The building was originally a Forester’s Lodge. It was quite common in that era, to construct a two-story building. The second story used as a hall/lodge room, while the first floor was rented out for commercial interests to pay for the building, but maintenance as well. The building soon evolved into the Standish Hall Association.
Susanville merchant Charlie Emerson was quite the entreprenuer. Shortly after the lodge building was constructed, Emerson opened his second general merchandise at this location. In 1928, Bill Lewis took over Emerson’s and renamed it the Standish Supply Company. Lewis was succeeded by Claude Heard. When Heard relocated to Litchfield, Neil Winchell took over the store, and it became Neil’s Mercantile. In one of those moments, its almost hard to believe but Neil’s has been closed for some thirty years now.
In 1910, the Nevada Sugar Company of Fallon, Nevada came courting Honey Lake Valley farmers in the Standish district, as well those homesteaders on the east side of Honey Lake to plant sugar beets. One of the reasons, was the Nevada Sugar Company was in the midst of constructing a $600,000 factory at Fallon.
As an enticement the company stated it would build a second factory at Standish if production was successful and needed transportation facilities. In 1912, with the announcement of Fernley & Lassen Railroad to be constructed through this section of the Honey Lake Valley solved that transportation issue.
It should be noted that in 1911 was the first irrigation season of the Standish Water Company’s pumping plant on Honey Lake’s eastern shore. In that year they provided water for 1,000 acres that was planted in sugar beets, with the Nevada Sugar Company providing the seed. No one locally knew anything about growing sugar beets, but they learned quickly. One of the biggest problems encountered with beet production was the amount of labor required. The problem was compounded as there was a local labor shortage, and then there were those who did not want to work in beet fields. To alleviate the problem 25 Japanese laborers were brought in to assist. Their tenure was brief, even though it was reported they worked twice as fast at a cheaper price.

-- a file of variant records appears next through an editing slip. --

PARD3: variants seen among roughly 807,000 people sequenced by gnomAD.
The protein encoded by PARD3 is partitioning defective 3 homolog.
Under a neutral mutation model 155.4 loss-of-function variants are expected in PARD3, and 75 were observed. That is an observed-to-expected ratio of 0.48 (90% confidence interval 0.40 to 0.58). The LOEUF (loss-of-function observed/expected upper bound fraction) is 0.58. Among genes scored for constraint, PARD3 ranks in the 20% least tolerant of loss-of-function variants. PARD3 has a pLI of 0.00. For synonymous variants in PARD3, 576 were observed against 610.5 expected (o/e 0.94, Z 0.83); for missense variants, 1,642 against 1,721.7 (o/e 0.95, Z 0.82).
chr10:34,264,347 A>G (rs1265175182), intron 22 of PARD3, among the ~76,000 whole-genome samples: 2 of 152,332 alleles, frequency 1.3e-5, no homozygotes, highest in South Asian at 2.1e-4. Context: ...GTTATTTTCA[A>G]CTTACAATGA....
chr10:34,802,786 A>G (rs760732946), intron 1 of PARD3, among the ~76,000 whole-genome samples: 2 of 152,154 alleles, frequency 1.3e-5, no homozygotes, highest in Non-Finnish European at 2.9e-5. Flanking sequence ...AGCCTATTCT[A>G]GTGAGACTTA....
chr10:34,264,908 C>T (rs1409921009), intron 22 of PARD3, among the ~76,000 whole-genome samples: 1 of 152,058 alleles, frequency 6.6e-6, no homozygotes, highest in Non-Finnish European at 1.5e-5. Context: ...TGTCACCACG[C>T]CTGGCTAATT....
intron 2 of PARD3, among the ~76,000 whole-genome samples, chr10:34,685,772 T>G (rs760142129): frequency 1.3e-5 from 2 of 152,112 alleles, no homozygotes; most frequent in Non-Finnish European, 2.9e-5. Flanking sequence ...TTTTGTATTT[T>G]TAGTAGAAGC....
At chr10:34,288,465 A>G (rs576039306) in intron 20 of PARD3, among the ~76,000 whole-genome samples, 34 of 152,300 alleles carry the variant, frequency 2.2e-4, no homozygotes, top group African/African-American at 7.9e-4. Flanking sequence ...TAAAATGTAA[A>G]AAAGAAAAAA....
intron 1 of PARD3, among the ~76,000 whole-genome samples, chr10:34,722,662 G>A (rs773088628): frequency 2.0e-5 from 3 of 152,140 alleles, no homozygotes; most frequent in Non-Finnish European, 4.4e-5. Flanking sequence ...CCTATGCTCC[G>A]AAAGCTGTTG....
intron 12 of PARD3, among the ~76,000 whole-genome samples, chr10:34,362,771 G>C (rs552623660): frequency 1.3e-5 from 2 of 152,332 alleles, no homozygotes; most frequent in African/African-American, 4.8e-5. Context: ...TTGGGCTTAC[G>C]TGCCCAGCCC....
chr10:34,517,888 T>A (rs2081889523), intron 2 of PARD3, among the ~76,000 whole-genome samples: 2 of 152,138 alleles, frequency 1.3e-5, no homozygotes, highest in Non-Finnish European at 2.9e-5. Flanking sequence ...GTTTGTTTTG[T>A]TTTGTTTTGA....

There were two other problems that ended the experiment. First there was not an adequate water supply and the beets were substandard. It was not only a problem locally, but in Fallon as well for in 1917 the beet factory there closed.
For a time, Standish was a very prosperous community in the Honey Lake Valley. Not only did it have numerous businesses, but a hotel, and a creamery, too. Everything was so good, in fact, that it even had its own financial institution.
In 1892, the Bank of Lassen County was established in Susanville, the first of its kind in Lassen County. In the spring of 1915, the bank announced it was going to open its first branch in Standish. However, it encountered some delays, especially with the installation of big safe, inside the Wrede Hotel, where the branch office would be located. On August 30, 1915, the branch opened with W.H. “Wally” Fulton, as the manager. Fulton had a long association with the financial institution, and equally important was well-known in the Standish region, having been married to Kathryn Mapes. The Standish Branch operated for ten years, closing its doors on December 31, 1925.
Wally Fulton later moved to Susanville and in 1933 became the City’s Treasurer. He remained in that position until his untimely death in 1941 by suicide. He used a gun in the city vault, and waited until the noon whistle from the Fruit Growers mill to mute the sound of the gun shot.
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In the 1890s, the Associated Colonies of New York was established to create utopian communities in the West, Standish would be there second development. It was their belief that people living in the East wanted to escape from large industrialized cities where corporations were in control. Those same people, they concurred, sought independence, would work for themselves and own their own homes. Each “colony” was designed using the philosophical beliefs of Myles Standish and the economic structure promoted by LDS leader, Brigham Young. In 1897, the Standish townsite was laid out, and its founders stated growth would be slow, not a boom and bust cycle. Things did not work out well, and it went bankrupt in 1901. After that the town really started to grow.